It seems like an eternity ago, but if you can think back to December of last year, General Motors (NYSE:GM) was on a roll. In the span of about two weeks the company had some hugely positive events occur, more than many companies have in a full year. GM's sales in China were surging, its luxury Cadillac lineup had a great year, it made a key decision to cut its losses and pull Chevrolet out of Europe, and perhaps the best of all the U.S. Treasury had finally sold off the last of its stake in GM. Things were good.
As soon as the book was closed on 2013, things went downhill at General Motors -- and quickly.
The first quarter of 2014 gave GM its newest black eye as it announced multiple, and very significant, recalls that covered over 6 million vehicles. That obviously includes the controversial recall of 2.6 million vehicles in the U.S. that is linked to at least 13 tragic deaths.
With GM's first quarter in the books, here are some highlights and what investors can expect in tomorrow's presentation.
General Motors delivered more than 2.4 million vehicles globally in the first quarter, which was up 2% compared to last year's first quarter. That figure was aided by GM's surging sales in China, the world's largest automotive market, which set a record in the first quarter with sales increasing 13% to 919,000 units. Sales of GM's luxury Cadillac lineup, which commands higher transaction prices and margins, increased 9% globally. General Motors was also able to hold higher pricing on its newly designed full-size trucks, the Silverado and Sierra, for the first two months of the year, which will help bolster profits.
While on paper General Motors had some highlights, the quarter was actually closer to a worst case scenario due to its massive recall announcements.
Investors can expect GM to struggle with profitability this quarter. As GM's recall debacle continued throughout the quarter, it became clear that the situation was going to cost the company dearly, both directly in terms of expenses and indirectly through a tarnished brand image and negative publicity.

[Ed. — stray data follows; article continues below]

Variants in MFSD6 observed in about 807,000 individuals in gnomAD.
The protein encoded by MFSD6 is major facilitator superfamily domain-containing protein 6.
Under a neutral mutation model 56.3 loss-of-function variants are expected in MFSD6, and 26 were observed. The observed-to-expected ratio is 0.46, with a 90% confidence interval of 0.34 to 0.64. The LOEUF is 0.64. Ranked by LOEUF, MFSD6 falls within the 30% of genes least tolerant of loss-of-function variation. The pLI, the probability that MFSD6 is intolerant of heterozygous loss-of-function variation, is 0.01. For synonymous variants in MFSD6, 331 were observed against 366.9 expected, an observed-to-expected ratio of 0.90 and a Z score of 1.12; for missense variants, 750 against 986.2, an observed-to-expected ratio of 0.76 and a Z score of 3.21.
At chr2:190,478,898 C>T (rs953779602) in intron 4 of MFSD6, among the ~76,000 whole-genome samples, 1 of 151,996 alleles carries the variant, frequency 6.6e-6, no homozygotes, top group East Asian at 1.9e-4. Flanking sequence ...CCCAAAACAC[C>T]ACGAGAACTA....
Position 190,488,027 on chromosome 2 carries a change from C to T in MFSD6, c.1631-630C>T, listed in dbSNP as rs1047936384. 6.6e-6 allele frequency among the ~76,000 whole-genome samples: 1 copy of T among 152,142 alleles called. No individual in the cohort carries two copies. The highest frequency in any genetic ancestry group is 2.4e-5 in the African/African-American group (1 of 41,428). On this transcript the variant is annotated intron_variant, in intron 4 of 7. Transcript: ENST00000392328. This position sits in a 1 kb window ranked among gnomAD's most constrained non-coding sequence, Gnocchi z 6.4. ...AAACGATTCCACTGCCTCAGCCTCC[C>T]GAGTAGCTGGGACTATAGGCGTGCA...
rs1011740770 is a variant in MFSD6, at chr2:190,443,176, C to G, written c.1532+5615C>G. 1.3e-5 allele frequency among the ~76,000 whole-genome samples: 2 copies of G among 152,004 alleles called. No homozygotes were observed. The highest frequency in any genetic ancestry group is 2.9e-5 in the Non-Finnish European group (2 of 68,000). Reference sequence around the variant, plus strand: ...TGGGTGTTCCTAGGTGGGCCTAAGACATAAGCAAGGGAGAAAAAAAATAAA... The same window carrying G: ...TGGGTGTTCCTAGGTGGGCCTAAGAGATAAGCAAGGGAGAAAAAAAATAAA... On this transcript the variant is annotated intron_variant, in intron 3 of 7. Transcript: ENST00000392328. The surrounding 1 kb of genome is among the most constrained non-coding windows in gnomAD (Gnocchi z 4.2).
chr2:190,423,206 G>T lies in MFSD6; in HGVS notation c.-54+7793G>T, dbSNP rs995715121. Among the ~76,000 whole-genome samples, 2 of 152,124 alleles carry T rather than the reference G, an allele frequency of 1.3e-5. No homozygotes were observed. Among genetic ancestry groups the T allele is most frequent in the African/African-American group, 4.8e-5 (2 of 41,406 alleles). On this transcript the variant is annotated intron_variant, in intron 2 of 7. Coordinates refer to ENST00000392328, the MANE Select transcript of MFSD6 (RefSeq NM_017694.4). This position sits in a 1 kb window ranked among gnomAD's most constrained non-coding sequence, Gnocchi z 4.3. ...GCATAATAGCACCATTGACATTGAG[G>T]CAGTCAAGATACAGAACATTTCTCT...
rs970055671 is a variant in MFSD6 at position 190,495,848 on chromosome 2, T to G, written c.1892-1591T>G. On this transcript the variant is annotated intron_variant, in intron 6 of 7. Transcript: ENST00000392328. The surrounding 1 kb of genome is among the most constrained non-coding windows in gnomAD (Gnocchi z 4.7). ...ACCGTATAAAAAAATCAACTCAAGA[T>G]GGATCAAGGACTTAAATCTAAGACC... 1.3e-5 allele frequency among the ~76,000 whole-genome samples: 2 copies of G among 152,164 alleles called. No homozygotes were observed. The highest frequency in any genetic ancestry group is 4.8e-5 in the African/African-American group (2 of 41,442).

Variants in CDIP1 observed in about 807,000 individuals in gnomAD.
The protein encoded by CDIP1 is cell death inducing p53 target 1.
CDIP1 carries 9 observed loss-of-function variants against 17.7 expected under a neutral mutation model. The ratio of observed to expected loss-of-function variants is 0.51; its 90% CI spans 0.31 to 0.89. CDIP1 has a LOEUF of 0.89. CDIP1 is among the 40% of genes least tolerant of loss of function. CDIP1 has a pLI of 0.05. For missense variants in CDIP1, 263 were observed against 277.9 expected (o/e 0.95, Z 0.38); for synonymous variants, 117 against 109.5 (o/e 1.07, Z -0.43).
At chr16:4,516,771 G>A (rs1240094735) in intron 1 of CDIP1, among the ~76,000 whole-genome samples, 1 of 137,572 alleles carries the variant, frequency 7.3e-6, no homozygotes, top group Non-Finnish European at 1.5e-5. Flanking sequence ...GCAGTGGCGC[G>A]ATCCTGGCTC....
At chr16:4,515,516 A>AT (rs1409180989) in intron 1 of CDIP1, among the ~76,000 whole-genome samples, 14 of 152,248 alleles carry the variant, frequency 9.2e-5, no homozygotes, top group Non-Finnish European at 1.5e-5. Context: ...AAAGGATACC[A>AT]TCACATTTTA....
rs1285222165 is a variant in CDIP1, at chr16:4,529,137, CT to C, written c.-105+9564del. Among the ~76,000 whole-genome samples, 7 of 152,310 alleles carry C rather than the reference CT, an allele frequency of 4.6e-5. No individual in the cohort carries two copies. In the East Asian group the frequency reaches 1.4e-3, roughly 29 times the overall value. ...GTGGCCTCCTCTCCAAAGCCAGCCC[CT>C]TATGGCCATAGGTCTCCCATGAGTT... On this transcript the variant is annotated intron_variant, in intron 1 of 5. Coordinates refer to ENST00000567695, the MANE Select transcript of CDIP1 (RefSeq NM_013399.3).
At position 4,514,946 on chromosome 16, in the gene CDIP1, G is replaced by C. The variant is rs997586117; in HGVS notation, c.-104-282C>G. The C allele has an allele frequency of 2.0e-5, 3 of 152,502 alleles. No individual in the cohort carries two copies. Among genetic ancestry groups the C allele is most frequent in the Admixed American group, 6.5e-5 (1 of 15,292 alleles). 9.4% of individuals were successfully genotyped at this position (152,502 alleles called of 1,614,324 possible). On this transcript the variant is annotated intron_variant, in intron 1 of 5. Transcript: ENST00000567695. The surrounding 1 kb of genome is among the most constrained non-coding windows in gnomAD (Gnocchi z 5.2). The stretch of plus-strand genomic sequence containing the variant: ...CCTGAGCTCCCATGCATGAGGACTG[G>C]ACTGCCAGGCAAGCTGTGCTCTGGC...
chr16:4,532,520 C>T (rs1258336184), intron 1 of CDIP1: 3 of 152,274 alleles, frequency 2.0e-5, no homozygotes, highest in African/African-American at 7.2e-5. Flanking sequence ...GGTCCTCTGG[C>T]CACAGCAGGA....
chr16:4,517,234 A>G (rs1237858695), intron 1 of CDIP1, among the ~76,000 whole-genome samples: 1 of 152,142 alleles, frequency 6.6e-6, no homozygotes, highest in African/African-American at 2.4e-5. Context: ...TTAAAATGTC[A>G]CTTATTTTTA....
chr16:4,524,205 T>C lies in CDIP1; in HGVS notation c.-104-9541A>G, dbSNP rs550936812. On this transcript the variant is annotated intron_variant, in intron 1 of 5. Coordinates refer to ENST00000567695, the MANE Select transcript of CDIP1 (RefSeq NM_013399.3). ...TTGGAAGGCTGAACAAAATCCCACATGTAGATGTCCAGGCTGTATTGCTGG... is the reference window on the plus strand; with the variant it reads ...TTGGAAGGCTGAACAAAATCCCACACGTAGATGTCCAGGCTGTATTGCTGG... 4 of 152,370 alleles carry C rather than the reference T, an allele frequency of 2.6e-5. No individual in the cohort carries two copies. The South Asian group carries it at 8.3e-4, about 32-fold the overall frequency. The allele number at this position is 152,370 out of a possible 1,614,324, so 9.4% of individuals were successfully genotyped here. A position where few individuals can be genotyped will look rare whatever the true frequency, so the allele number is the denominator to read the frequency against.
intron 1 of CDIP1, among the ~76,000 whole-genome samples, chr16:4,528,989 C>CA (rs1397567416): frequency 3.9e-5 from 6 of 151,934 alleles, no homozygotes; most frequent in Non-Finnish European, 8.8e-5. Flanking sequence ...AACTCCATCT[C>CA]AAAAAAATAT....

The company's estimates for expenses related to the recall have nearly quadrupled from the original figure to $1.3 billion. Costs were driven higher as repairs took place and the company provided loaner vehicles to customers affected by the recall. In addition to the recall-related charges in the first quarter, GM will record a $400 million charge related to the devaluation of Venezuela's currency and the shutdown of two factories.
GM could have spread the charges throughout the year but decided to record everything in full for the first quarter, so investors can expect little to no profitability. Currently the consensus of analysts polled by Thomson Reuters is for GM to post $0.11 earnings per share, which is significantly lower than last year's $0.67 per share.
Investors would also be wise to listen for GM's progress on addressing safety and recall issues, whether in the presentation itself or perhaps the conference call Q&A session with analysts and media. General Motors is going to have to prove to investors, and the American public, that the General Motors that emerged from bankruptcy is a better and more ethically responsible company than its predecessor -- and it's not off to a good start.
Initially, GM was expecting modest profit growth this year driven by 15 new model launches in North America and 17 in China. But that growth will be in jeopardy if the company doesn't present a solid strategy to fix its safety issues and polish its brand image, both of which could hinder vehicle sales in the future.